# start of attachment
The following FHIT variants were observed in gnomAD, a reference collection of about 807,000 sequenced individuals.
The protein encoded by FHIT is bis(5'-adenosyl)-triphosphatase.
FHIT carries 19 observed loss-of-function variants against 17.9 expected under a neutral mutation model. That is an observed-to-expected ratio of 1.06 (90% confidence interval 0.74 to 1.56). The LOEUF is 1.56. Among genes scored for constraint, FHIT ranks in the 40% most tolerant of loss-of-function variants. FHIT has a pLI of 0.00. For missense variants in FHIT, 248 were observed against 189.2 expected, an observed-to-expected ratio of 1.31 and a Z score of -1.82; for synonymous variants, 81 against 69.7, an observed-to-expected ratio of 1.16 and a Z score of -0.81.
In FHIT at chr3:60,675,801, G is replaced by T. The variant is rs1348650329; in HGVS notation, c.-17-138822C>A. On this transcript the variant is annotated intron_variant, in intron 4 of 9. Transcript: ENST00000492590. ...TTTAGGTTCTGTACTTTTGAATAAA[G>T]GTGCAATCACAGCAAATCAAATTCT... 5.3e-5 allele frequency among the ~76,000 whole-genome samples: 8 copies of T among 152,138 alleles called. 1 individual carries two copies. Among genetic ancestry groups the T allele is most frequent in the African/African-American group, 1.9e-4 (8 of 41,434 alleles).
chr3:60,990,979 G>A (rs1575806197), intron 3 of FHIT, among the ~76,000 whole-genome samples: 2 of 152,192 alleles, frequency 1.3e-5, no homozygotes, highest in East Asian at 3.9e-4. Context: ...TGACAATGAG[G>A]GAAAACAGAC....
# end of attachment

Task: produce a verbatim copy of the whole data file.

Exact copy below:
The following FHIT variants were observed in gnomAD, a reference collection of about 807,000 sequenced individuals.
The protein encoded by FHIT is bis(5'-adenosyl)-triphosphatase.
FHIT carries 19 observed loss-of-function variants against 17.9 expected under a neutral mutation model. That is an observed-to-expected ratio of 1.06 (90% confidence interval 0.74 to 1.56). The LOEUF is 1.56. Among genes scored for constraint, FHIT ranks in the 40% most tolerant of loss-of-function variants. FHIT has a pLI of 0.00. For missense variants in FHIT, 248 were observed against 189.2 expected, an observed-to-expected ratio of 1.31 and a Z score of -1.82; for synonymous variants, 81 against 69.7, an observed-to-expected ratio of 1.16 and a Z score of -0.81.
In FHIT at chr3:60,675,801, G is replaced by T. The variant is rs1348650329; in HGVS notation, c.-17-138822C>A. On this transcript the variant is annotated intron_variant, in intron 4 of 9. Transcript: ENST00000492590. ...TTTAGGTTCTGTACTTTTGAATAAA[G>T]GTGCAATCACAGCAAATCAAATTCT... 5.3e-5 allele frequency among the ~76,000 whole-genome samples: 8 copies of T among 152,138 alleles called. 1 individual carries two copies. Among genetic ancestry groups the T allele is most frequent in the African/African-American group, 1.9e-4 (8 of 41,434 alleles).
chr3:60,990,979 G>A (rs1575806197), intron 3 of FHIT, among the ~76,000 whole-genome samples: 2 of 152,192 alleles, frequency 1.3e-5, no homozygotes, highest in East Asian at 3.9e-4. Context: ...TGACAATGAG[G>A]GAAAACAGAC....